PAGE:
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Invitation to Visit the Contagious Hospital

Invitation to Visit the Contagious Hospital image Invitation to Visit the Contagious Hospital image
James Mann
Rights Held By
Ypsilanti Historical Society
OCR Text

For many years those inflicted with contagious diseases, such as smallpox, cholera and other easily transmitted diseases were quarantined to prevent the spread of the illness. This often meant placing the residence where the person lived under quarantine, forcing those who lived in the residence to stay in the place and forbidding others to enter until the risk of contagion had passed. The other option was to choose a place in the community, such as a house or other building, as a place where those afflicted could stay separate from others. Here those who were ill could stay until they had recovered, or, as was often the case, were dead. In Ypsilanti the old city hall at 6 East Cross Street was the contagious hospital, where those who had to be kept apart were housed. Here beginning in about 1913 and continuing into the early 1920’s, the contagious cases were sent to be cared for. It is said, the children of the neighborhood walking to and from school, would cross the street, to avoid walking on the sidewalk in front of the building. The building was not ideal to the purpose it was then used for. It was built in 1858, as the first city hall and jail. It became the contagious hospital after the city hall was moved into the Quirk House on North Huron Street. To show the public just how bad conditions were in the hospital, Ypsilanti City Health Officer Dr. Charles H. Pillsbury declared Thursday, March 23, 1922 “open day” at the hospital. “We have had no cases of contagion at the hospital for about a week and it has been thoroughly fumigated and cleaned so that no one need fear visiting it,” said Dr. Pillsbury to The Daily Ypsilanti Press of Tuesday, March 21, 1922. “I would be glad to have everyone who has any doubts as to the need of a new contagious hospital, come to the old building next Thursday and see just what the city now has for the care of contagious cases. I think the visit will convince them of a need for the new hospital.” For one thing, Dr. Pillsbury pointed out, the arrangement of the building made it possible to care for patients afflicted with only one kind of contagion at a time. “Whenever there are cases of different contagious diseases in the city,” noted the account, “private homes often times have to be quarantined and several members of the family kept indoors at the same time.” “The present contagious hospital,” continued the account, “is comprised of a hall, one front room, which serves to store coal, a place for a cot for a nurse, and kitchen and dining room. The room is several feet below street level. Behind this room is one big room partitioned off into eight little rooms. Every other one of these little rooms has a window. The other four rooms are without windows and ventilation only such as comes in over the tops of the partitions which are built only three-quarters of the way to the ceiling. It is the arrangement that makes it impossible to care for more than one type of contagion at a time. A single wash bowl and one little toilet at the end of a little hall serves all of these rooms. The place is heated by three stoves and even these do not prevent freezing of water pipes in cold weather, according to the city health officer.” The basement of the building had been used as the old city jail, but because of its deplorable condition was not used as part of the hospital, noted the report. Dr. Pillsbury told of the case of a four year old girl who contracted scarlet fever while living in a household of 12 to 14 persons, most of whom were employed. “Rather than quarantine the whole house,” explained Dr. Pillsbury to The Daily Ypsilanti Press of Saturday, March 25, 1922, “the child and mother were taken to the present contagious hospital where there were other cases of scarlet fever. After a two weeks’ stay the mother and some of the other patients contracted diphtheria, because of the unsanitary construction of the building it could not possibly be properly disinfected.” “A few days later,” continued Dr. Pillsbury, “another case that appeared to be scarlet fever was brought in and developed into smallpox and not having any means of isolating this case the mother developed smallpox because the vaccination failed to work, as sometimes happens.” “This triple infection,” concluded Dr. Pillsbury, “as you can see delayed the quarantine stay very much and deliberately infected this patient and others with two other contagious diseases that they would not have had had they not been sent to this building.” On open day at the hospital, less than a dozen residents took advantage of the invitation to visit the building. Still, voters approved funding for a new building as the contagious hospital. This new hospital was not built, perhaps because new and better space had become available at the new Beyer Hospital. (James Mann is a local author and historian, a regular contributor to the Gleanings, and a volunteer in the YHS Archives.)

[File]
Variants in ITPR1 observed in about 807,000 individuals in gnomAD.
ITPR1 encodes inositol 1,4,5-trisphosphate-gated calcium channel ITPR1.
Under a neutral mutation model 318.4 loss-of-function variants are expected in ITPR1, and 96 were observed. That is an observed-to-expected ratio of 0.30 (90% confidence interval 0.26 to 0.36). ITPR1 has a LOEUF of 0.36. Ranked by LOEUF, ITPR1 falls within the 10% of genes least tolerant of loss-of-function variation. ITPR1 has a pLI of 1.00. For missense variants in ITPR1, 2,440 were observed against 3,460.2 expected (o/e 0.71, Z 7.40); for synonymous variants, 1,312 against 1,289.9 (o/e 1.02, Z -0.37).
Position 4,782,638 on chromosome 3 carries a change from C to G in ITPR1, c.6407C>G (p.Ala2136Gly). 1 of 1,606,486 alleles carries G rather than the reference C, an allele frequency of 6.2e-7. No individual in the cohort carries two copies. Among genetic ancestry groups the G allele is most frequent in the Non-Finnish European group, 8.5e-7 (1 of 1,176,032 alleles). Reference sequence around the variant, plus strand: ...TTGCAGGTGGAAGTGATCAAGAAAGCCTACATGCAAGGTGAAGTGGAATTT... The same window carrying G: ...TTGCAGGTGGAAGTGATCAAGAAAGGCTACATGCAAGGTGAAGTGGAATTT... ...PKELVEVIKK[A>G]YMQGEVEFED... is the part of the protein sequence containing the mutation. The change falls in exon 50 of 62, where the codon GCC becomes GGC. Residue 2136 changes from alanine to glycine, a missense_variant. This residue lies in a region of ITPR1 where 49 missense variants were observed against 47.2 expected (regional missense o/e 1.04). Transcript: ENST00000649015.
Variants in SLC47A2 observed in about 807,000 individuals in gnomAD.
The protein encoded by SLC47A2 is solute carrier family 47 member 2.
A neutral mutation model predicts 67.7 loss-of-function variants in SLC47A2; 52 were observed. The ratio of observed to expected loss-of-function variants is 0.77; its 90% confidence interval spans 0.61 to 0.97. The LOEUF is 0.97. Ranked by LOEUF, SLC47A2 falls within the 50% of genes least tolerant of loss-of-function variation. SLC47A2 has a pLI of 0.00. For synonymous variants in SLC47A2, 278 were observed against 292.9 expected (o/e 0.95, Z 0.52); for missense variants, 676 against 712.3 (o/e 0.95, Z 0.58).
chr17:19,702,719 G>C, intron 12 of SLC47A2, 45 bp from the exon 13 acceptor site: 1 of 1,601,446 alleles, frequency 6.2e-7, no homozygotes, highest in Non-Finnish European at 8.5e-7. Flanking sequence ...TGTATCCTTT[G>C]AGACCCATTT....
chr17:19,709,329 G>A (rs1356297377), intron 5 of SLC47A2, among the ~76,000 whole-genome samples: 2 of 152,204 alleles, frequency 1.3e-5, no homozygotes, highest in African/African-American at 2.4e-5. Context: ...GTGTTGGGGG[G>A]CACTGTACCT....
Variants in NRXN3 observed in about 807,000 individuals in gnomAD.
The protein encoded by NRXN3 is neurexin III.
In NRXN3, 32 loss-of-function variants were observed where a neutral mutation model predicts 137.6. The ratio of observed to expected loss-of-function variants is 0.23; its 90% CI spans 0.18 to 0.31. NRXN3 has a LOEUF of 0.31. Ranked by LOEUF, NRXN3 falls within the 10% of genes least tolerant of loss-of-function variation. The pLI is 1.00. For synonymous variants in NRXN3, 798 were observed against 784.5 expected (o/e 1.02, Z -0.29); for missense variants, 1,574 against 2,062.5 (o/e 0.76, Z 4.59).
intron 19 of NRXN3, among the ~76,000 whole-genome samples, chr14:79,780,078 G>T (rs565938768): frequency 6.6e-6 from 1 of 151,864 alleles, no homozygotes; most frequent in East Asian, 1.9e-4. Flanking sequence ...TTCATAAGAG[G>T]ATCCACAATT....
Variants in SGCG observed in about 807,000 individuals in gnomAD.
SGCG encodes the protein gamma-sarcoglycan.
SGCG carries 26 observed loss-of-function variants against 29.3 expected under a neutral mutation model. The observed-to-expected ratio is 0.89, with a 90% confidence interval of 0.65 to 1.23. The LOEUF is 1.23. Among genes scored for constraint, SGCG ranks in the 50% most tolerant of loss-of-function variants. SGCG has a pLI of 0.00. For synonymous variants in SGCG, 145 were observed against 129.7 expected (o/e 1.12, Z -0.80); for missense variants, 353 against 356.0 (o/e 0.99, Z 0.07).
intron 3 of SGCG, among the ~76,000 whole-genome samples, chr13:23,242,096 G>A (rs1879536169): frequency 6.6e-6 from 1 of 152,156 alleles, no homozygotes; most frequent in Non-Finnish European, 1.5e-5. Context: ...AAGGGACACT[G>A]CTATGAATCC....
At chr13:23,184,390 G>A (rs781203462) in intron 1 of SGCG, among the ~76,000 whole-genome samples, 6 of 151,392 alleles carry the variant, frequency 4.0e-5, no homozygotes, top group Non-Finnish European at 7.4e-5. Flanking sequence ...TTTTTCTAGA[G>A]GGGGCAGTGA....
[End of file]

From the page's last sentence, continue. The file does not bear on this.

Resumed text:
Photo Captions: Photo 1: Ypsilanti’s old city hall at 6 East Cross Street was used as a contagious hospital beginning in about 1913 and continuing into the early 1920’s.